Day 234 (25th April) – Yangshou to Xian

19 05 2011

We hired bikes and spent the morning slowly exploring Yangshou. I have never been anywhere so jam packed full of tourists. It was like Oxford Street in every direction. I know we are visiting many of China’s main tourist sights, but they have all been rammed full of tourists. Remember this is the country that had the one week traffic jam!!

We were unable to purchase a sleeper train ticket to Xian, so instead took the sleeper bus. With fully flat beds, it was comfortable, if not a little short. The stuff we have seen on this journey to Xian – words can’t explain and photos would be too graphic for this little old blog. The cultural contrasts are huge. Firstly, when using any mode of transport including walking, it seems acceptable to travel around forcing other people out of the way or to stop. Should the other person not change course or stop, there will be an accident. This would probably explain why we have seen many car crashes, up to four in one day. Pushing in also seems ok here.

The spitting is getting ridiculous. From what we have observed, it’s a foul habit predominantly undertaken by men and middle aged women out on the streets and in any public space. However, when indoors it’s common to spit into a tissue, bag or bin. When one person coughs or hacks up a chunk of phlegm it seems to spur on a couple of others to do the same.

On this marathon bus trip, we also witnessed the worst toilet ever… Like most shocking toilets, it is the smell that hits you first. From the doorless entrance, I could see a 10m white tiled urinal running down the left side of the rectangular room – all fairly standard. It was down the right hand side that my general hygiene and sanitary senses started to tingle. Another tiled trough on the right hand side no cubicles, no partition, no privacy. Not normal, very not normal. Now a step into this toilet from hell those hygiene and sanitary senses started going haywire when I spotted a guy squatted down at the far end taking a dump. Then those senses hit new highs, or lows, with the sighting of small piles of poo on the tiled trough. I was actually paralysed with disgust.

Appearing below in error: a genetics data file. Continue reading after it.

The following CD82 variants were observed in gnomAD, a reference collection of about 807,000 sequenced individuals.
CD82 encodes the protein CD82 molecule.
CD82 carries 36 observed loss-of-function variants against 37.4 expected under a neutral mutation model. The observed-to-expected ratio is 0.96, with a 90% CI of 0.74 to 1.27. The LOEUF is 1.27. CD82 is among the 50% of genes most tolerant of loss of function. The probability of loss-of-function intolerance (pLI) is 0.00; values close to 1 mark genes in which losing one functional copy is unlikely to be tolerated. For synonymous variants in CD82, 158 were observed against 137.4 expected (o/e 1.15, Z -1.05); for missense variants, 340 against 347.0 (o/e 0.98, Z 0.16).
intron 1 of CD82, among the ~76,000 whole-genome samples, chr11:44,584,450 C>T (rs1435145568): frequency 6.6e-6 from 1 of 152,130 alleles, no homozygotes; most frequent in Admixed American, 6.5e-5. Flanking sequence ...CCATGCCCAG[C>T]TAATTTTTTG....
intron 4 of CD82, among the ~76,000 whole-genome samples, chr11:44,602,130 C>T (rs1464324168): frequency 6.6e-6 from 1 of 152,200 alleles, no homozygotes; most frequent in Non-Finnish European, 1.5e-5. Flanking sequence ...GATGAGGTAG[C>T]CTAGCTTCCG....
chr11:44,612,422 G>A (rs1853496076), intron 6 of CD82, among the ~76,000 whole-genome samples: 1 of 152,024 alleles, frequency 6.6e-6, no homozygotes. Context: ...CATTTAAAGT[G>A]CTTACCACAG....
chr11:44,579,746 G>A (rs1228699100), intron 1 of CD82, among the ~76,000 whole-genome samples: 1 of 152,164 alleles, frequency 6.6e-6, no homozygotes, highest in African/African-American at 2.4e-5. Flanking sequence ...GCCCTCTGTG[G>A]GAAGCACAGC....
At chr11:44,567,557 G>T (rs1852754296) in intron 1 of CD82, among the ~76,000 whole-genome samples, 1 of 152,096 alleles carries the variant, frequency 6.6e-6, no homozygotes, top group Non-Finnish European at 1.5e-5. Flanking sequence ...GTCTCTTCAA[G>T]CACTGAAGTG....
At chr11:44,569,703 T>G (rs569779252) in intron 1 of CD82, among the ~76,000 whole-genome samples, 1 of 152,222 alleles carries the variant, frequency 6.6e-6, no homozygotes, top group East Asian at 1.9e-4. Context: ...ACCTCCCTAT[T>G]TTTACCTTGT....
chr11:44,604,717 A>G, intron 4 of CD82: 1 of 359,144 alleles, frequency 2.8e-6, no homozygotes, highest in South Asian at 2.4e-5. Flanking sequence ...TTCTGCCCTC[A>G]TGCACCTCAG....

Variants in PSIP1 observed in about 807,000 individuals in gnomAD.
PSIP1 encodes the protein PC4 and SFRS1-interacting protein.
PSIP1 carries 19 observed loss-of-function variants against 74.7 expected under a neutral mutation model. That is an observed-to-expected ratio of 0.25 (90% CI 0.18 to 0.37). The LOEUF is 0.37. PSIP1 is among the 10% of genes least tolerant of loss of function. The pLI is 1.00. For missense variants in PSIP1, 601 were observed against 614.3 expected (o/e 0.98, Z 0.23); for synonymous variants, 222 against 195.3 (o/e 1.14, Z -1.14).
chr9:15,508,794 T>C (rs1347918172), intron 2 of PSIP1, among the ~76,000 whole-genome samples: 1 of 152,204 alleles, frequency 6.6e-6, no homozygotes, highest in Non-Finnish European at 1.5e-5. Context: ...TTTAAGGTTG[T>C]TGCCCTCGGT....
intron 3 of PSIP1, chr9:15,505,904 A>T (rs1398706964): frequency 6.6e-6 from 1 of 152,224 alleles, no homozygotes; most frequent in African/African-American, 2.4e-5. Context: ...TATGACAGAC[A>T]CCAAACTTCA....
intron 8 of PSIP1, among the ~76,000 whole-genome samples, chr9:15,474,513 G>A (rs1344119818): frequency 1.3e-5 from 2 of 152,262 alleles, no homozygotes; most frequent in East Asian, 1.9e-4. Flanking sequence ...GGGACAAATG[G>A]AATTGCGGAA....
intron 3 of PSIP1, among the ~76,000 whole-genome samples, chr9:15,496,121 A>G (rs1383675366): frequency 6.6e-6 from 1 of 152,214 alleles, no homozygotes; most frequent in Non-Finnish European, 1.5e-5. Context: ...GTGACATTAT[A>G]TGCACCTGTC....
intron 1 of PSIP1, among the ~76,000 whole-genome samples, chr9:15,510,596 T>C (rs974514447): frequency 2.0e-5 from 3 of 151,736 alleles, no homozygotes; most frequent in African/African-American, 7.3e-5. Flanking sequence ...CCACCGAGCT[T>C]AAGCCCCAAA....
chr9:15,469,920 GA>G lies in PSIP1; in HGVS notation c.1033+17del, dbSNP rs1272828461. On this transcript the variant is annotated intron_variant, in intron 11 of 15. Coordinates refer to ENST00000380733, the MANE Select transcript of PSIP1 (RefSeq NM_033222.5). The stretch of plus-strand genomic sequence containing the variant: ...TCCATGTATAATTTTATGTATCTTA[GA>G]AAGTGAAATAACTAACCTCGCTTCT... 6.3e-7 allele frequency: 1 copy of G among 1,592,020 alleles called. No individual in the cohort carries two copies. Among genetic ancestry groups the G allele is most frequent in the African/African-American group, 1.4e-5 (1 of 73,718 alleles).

Jen could confirm a similar horror story in the ladies with the usual absence of toilet paper or soap. This is definitely the one country to get a dicky stomach.

Another odd one here is the practice of cutting a big hole in the backside of toddlers’ trousers so when they bend over they expose their dirty bottoms. Also, some Chinese people can talk very aggressively at you, for example, at breakfast I don’t know if the waitress was having a go at me or asking if I would like tea or coffee with my breakfast. The list is simply endless – it’s hard to continue the list without it becoming offensive.

Just one more – other than the staring no one seems to acknowledge us on the street. A smile, wave or ‘Ni Hao’ (hello in Mandarin) is met with a stony expression – we get no recognition back. Like I said, strange place.




One response

19 05 2011

Methinks you presume too much -the poor lad just split his trousers bending down – bit like the woman bobsleigher ???????????????

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